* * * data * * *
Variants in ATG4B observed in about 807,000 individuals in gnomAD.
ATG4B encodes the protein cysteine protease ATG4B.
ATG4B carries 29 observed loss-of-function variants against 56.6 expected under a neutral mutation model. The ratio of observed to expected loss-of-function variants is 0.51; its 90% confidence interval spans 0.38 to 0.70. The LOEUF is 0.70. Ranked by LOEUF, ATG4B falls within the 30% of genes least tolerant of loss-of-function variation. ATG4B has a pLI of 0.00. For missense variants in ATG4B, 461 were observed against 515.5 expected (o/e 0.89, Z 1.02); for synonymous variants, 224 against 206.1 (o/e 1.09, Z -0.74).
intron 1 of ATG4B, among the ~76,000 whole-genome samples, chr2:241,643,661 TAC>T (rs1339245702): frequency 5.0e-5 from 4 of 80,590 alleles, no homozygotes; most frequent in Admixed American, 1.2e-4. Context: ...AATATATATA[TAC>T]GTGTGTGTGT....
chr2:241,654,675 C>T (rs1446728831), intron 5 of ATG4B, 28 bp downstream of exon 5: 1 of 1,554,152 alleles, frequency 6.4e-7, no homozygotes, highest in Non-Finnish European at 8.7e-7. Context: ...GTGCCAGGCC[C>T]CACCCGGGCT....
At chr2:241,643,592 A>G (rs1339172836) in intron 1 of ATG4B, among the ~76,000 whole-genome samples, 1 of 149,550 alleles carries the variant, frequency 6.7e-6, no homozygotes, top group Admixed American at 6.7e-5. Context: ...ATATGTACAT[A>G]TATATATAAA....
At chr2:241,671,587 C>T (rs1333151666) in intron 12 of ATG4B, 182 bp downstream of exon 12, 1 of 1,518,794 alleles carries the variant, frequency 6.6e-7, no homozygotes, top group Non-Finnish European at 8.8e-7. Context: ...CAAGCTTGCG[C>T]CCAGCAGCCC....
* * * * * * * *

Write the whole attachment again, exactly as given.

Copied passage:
Variants in ATG4B observed in about 807,000 individuals in gnomAD.
ATG4B encodes the protein cysteine protease ATG4B.
ATG4B carries 29 observed loss-of-function variants against 56.6 expected under a neutral mutation model. The ratio of observed to expected loss-of-function variants is 0.51; its 90% confidence interval spans 0.38 to 0.70. The LOEUF is 0.70. Ranked by LOEUF, ATG4B falls within the 30% of genes least tolerant of loss-of-function variation. ATG4B has a pLI of 0.00. For missense variants in ATG4B, 461 were observed against 515.5 expected (o/e 0.89, Z 1.02); for synonymous variants, 224 against 206.1 (o/e 1.09, Z -0.74).
intron 1 of ATG4B, among the ~76,000 whole-genome samples, chr2:241,643,661 TAC>T (rs1339245702): frequency 5.0e-5 from 4 of 80,590 alleles, no homozygotes; most frequent in Admixed American, 1.2e-4. Context: ...AATATATATA[TAC>T]GTGTGTGTGT....
chr2:241,654,675 C>T (rs1446728831), intron 5 of ATG4B, 28 bp downstream of exon 5: 1 of 1,554,152 alleles, frequency 6.4e-7, no homozygotes, highest in Non-Finnish European at 8.7e-7. Context: ...GTGCCAGGCC[C>T]CACCCGGGCT....
At chr2:241,643,592 A>G (rs1339172836) in intron 1 of ATG4B, among the ~76,000 whole-genome samples, 1 of 149,550 alleles carries the variant, frequency 6.7e-6, no homozygotes, top group Admixed American at 6.7e-5. Context: ...ATATGTACAT[A>G]TATATATAAA....
At chr2:241,671,587 C>T (rs1333151666) in intron 12 of ATG4B, 182 bp downstream of exon 12, 1 of 1,518,794 alleles carries the variant, frequency 6.6e-7, no homozygotes, top group Non-Finnish European at 8.8e-7. Context: ...CAAGCTTGCG[C>T]CCAGCAGCCC....